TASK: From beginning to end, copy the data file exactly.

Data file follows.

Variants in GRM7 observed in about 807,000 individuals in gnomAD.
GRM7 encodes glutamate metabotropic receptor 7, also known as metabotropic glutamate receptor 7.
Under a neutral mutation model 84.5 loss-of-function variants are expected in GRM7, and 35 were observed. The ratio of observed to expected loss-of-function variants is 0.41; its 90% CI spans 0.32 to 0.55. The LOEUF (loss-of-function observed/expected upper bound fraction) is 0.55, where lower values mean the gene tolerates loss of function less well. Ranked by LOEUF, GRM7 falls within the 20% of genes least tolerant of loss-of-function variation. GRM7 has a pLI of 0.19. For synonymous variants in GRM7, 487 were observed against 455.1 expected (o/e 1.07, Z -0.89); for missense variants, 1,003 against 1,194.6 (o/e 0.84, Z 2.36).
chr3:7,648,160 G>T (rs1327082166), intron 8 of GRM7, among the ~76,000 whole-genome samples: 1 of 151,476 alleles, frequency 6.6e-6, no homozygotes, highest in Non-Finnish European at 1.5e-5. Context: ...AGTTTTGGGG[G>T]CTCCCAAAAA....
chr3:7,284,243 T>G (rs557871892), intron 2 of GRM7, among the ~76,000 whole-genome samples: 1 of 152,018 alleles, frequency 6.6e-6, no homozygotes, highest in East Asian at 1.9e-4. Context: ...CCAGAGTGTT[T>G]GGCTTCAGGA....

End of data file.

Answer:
Variants in GRM7 observed in about 807,000 individuals in gnomAD.
GRM7 encodes glutamate metabotropic receptor 7, also known as metabotropic glutamate receptor 7.
Under a neutral mutation model 84.5 loss-of-function variants are expected in GRM7, and 35 were observed. The ratio of observed to expected loss-of-function variants is 0.41; its 90% CI spans 0.32 to 0.55. The LOEUF (loss-of-function observed/expected upper bound fraction) is 0.55, where lower values mean the gene tolerates loss of function less well. Ranked by LOEUF, GRM7 falls within the 20% of genes least tolerant of loss-of-function variation. GRM7 has a pLI of 0.19. For synonymous variants in GRM7, 487 were observed against 455.1 expected (o/e 1.07, Z -0.89); for missense variants, 1,003 against 1,194.6 (o/e 0.84, Z 2.36).
chr3:7,648,160 G>T (rs1327082166), intron 8 of GRM7, among the ~76,000 whole-genome samples: 1 of 151,476 alleles, frequency 6.6e-6, no homozygotes, highest in Non-Finnish European at 1.5e-5. Context: ...AGTTTTGGGG[G>T]CTCCCAAAAA....
chr3:7,284,243 T>G (rs557871892), intron 2 of GRM7, among the ~76,000 whole-genome samples: 1 of 152,018 alleles, frequency 6.6e-6, no homozygotes, highest in East Asian at 1.9e-4. Context: ...CCAGAGTGTT[T>G]GGCTTCAGGA....